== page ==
Introduction to Causal Inference

Introduction to Causal Inference

Material by Maya Petersen, M.D Ph.D & Laura B. Balzer , Ph.D

Image credit:
Keegan Houser


With the ongoing “data explosion”, methods to delineate causation from correlation are perhaps more pressing now than ever. This course will introduce the Causal Roadmap, which is a general framework for Causal Inference: (1) clear statement of the research question, (2) definition of the causal model and effect of interest, (3) specification of the observed data, (4) assessment of identifiability - that is, linking the causal effect to a parameter estimable from the observed data distribution, (5) specification of the statistical estimation problem, (6) choice and implementation of estimators, including state-of-the-art methods, and (7) appropriate interpretation of findings (Petersen & van der Laan, Epi, 2014; Figure). The statistical methods include G-computation, inverse probability weighting (IPW), and targeted minimum loss-based estimation (TMLE) with Super Learner, an ensemble machine learning method. The emphasis will be on practical implementation and real-world challenges and solutions. You will gain experience working through the Roadmap with case studies, R labs, R assignments, and a final project using real data. By the end of the course, you will have the practical tools to assess cause-and-effect in your applied work.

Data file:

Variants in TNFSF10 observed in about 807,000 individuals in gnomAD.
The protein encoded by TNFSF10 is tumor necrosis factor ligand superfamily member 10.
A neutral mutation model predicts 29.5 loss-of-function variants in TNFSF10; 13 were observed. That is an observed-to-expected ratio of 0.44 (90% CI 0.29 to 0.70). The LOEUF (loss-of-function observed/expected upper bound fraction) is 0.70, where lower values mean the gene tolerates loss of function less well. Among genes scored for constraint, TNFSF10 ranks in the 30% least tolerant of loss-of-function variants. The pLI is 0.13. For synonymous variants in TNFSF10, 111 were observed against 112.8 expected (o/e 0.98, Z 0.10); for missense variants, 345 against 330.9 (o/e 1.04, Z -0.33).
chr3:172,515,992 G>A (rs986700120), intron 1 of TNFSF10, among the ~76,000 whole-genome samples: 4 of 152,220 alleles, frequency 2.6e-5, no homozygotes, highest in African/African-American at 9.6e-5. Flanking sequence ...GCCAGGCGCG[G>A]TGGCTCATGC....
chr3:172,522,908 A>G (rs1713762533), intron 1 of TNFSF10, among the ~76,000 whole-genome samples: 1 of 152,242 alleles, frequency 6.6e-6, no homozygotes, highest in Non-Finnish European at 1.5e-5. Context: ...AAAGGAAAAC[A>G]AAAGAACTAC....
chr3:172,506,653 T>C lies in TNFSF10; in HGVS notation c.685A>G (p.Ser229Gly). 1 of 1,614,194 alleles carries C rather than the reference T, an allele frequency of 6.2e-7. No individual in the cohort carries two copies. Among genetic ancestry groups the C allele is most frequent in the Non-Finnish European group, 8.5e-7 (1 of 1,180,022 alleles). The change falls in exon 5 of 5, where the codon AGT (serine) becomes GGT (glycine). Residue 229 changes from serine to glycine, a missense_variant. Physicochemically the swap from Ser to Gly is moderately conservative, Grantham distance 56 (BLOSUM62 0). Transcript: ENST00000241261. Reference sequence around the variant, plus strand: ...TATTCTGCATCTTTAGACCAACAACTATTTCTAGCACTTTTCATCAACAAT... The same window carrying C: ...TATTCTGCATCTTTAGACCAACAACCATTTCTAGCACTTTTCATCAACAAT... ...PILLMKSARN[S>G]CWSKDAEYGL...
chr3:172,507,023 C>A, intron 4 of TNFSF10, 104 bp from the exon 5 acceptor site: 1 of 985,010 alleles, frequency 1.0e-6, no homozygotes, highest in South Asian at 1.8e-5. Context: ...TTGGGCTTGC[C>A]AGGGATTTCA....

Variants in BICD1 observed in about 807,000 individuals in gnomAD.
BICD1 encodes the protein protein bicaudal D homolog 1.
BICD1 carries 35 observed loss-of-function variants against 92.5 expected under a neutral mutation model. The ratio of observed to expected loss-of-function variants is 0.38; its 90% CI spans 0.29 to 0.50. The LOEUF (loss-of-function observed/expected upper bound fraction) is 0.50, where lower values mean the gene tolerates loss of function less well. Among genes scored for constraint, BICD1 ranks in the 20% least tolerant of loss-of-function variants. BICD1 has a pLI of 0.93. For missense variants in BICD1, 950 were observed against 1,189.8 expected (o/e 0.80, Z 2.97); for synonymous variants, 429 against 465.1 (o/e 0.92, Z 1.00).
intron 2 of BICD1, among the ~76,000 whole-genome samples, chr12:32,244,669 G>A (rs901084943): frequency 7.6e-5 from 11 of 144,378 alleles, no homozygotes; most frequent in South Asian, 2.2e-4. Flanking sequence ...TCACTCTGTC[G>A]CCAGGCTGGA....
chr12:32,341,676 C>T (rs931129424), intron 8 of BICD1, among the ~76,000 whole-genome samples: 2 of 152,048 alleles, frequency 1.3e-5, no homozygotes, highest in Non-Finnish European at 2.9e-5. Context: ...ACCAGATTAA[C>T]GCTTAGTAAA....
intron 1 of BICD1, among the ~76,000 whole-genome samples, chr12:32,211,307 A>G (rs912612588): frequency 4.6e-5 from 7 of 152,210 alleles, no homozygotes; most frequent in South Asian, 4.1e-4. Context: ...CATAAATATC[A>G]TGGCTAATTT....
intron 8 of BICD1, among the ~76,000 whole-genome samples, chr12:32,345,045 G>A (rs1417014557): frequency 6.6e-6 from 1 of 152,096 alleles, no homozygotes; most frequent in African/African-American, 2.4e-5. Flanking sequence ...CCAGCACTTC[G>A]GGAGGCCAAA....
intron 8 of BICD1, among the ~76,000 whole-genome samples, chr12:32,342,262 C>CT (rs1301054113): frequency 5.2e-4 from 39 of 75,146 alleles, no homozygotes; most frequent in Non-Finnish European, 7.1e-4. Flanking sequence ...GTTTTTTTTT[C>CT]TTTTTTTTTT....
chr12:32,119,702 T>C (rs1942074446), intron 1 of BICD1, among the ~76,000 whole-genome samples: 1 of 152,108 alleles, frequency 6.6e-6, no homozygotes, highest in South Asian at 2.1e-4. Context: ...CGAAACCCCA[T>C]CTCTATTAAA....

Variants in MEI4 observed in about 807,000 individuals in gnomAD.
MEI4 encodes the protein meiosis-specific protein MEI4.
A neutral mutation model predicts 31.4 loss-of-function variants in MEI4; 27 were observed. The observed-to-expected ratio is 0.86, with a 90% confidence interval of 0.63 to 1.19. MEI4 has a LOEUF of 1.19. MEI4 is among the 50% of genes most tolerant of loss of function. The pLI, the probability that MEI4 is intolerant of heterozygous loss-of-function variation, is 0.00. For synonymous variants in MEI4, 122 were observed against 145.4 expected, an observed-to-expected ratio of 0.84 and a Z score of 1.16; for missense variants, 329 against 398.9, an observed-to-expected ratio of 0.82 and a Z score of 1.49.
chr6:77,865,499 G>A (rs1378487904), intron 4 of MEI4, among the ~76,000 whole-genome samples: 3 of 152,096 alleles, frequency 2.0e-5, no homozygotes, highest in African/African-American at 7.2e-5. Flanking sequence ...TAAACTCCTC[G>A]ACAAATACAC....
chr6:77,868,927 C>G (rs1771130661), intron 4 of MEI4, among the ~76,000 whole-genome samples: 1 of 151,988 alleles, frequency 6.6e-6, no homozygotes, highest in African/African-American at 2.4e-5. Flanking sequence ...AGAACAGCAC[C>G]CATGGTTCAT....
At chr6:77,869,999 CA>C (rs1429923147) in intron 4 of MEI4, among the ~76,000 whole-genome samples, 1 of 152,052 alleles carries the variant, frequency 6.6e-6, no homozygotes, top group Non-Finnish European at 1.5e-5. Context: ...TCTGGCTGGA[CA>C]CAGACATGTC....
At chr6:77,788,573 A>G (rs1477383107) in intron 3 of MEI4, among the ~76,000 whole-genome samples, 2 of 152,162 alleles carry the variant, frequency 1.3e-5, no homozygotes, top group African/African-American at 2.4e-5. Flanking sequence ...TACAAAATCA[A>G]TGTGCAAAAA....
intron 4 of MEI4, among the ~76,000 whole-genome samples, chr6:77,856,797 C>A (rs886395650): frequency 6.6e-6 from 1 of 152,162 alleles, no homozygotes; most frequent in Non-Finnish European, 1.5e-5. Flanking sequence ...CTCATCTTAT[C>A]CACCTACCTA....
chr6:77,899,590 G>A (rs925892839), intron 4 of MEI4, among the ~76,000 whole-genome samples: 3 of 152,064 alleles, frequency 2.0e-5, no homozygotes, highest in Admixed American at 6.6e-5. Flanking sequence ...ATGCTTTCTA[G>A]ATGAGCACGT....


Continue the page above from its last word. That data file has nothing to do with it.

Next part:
Causal Roadmap

Course Learning Objectives

By the end of this course, students should be able to

1. Translate your research question and knowledge into a causal model (directed acyclic graphs and non-parametric structural equation models).

2. Define the target causal parameter with counterfactuals.

3. Assess identifiability of the target causal parameter and express it as a parameter of the observed data distribution.

4. Explain the challenges posed by parametric estimation approaches and apply machine learning methods.

5. Identify the properties of and apply three estimators: G-computation, inverse probability weighting (IPW), and targeted minimum loss-based estimation (TMLE) with Super Learner.

6. Explain how to appropriately address missing outcomes, which may be differentially measured.

7. Apply course concepts to address cause-and-effect in a real-data application in your final projects.

8. Explore more advanced settings for Causal Inference, such as time-dependent exposures, clustered data, and continuous exposures.

Roadmap Overview & Step 0 Research Question